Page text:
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(100:33, Moonjune Records / Favored Nations)
TRACK LIST: 1. Dancing Tears 9:11 2. Solas PM 9:18 3. Lake Takengon 7:45 4. Suniakala 8:40 5. Dear Yulman 8:21 6. Crack in the Sky 7:36 7. Pancaroba 8:12 8. Manhattan Temple 10:00 9. Dedariku 10:45 10. Ujung Galuh 7:05 11. Uncle Jack 10:50 12. Zentuary 2:50 LINEUP: Dewa Budjana - guitars, soundscapes Tony Levin - bass, Chapman stick With: Gary Husband - drums, keyboards, piano Jack DeJohnette - drums, piano Danny Markovich - sax Tim Garland - sax Guthrie Govan - guitars Saat Syah - flute Ubiet - vocals Risa Saraswati - vocals Czech Symphony Orchestra
Prolusion. Indonesian composer and musician Dewa BUDJANA is a well known and regarded musician in his home land of Indonesia, and for the last decade or so he has been established as a prominent musician also in the west, helped and guided by his western label Moonjune Records. Following a handful of albums released and reissued on that label, he was signed to Steve Vai's label Favored Nations in 2016, for the release of "Zentuary", which is his most recent album to date.
Analysis. Just about anything connected with Moonjune Records has a jazz flavor to it, and Dewa Budjana is no exception. Jazzrock and jazz fusion are the realms in which he operates on this latest album, where the boundaries between those universes are blurred at best. Much due to the stellar musicians he has with him on this ambitious double album. With musicians such as Tony Levin and Gary Husband involved, those familiar with music in general and jazz in particular know that there won't be a lack of quality. And there is a lot to enjoy on this production, and right on top of that list is the impeccable musicianship throughout, arguably closely followed by the mix and production. Not that the quality of either tends to be off on the artists Moonjune Records are involved with, but in this case thay are possibly even greater. As this album plays out, the quality mark continues to be a presence. The songs are elegant too, occasionally with world music elements flavoring the proceedings, and in a breathtaking move the use of a symphony orchestra on Suniakala opens up a landscape that is almost a revelation. The ebb and flow of the songs, often alternating between gentler, careful passages and edgier, more expressive sections, really come to their right when backed by a symphonic orchestra. Otherwise most songs features one or more parts with a more expressive feel to them, and more often than not we are treated to a sequence or interlude highlighting a single instrument in a manner jazz fans in particular will recognize and applaud. Much the same can be said about the use of piano on many cuts. The album does tend to get to be a bit too smooth and predictable though. Not that anything is of a sub par quality, far from it, but personally I miss those details that will draw me in to the music in a more mesmerizing manner. Much of this album feels rather safe, a bit too elegant and too clever to really manage to elevate the final impression up to a higher level. Much depends on just how you listen to such an album of course, as well as your general taste in music. For me, this one comes across as a production with more of a finite reach, with limited impact beyond a certain key audience. But what a magnificent album this is for that audience.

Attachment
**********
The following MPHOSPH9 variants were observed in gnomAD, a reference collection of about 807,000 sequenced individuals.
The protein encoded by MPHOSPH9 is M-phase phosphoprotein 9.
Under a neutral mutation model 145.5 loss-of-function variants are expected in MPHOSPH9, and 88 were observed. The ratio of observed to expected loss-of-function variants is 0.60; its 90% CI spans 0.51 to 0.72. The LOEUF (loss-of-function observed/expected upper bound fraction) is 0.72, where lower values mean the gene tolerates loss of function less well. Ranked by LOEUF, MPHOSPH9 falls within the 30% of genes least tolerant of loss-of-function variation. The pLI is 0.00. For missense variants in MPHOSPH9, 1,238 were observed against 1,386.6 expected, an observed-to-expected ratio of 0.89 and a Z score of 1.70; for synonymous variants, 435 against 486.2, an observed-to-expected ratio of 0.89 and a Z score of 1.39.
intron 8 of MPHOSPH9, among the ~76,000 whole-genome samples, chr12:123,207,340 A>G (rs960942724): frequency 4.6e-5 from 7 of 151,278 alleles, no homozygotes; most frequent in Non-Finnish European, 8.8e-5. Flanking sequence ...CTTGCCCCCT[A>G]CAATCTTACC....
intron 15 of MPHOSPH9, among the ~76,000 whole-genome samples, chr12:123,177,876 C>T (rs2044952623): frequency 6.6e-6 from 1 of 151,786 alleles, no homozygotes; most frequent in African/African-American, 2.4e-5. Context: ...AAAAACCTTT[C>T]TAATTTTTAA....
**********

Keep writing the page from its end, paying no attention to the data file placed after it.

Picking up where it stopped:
Conclusion. Dewa Budjana and his various guests on this double album have made a mainly positive, uplifting and smooth production that exists somewhere on the borders between jazzrock and jazz fusion, in a smooth and polished contemporary manner. The material does feature some world music elements here and there, flavoring the soundscapes nicely, and there's room for controlled excursions into more expressive modes of delivery on regular occasions too, but without the material ever becoming too challenging for any longer period of time. The slight emphasis on jazz details gives me the impression that this is an album that will have a stronger appeal for jazz fans than for jazzrock fans, but both audience segments should track this one down and have a go at it on some occasion. I suspect that the greater majority of those who choose to do so will find the experience rewarding.
Progmessor: March 29th 2018
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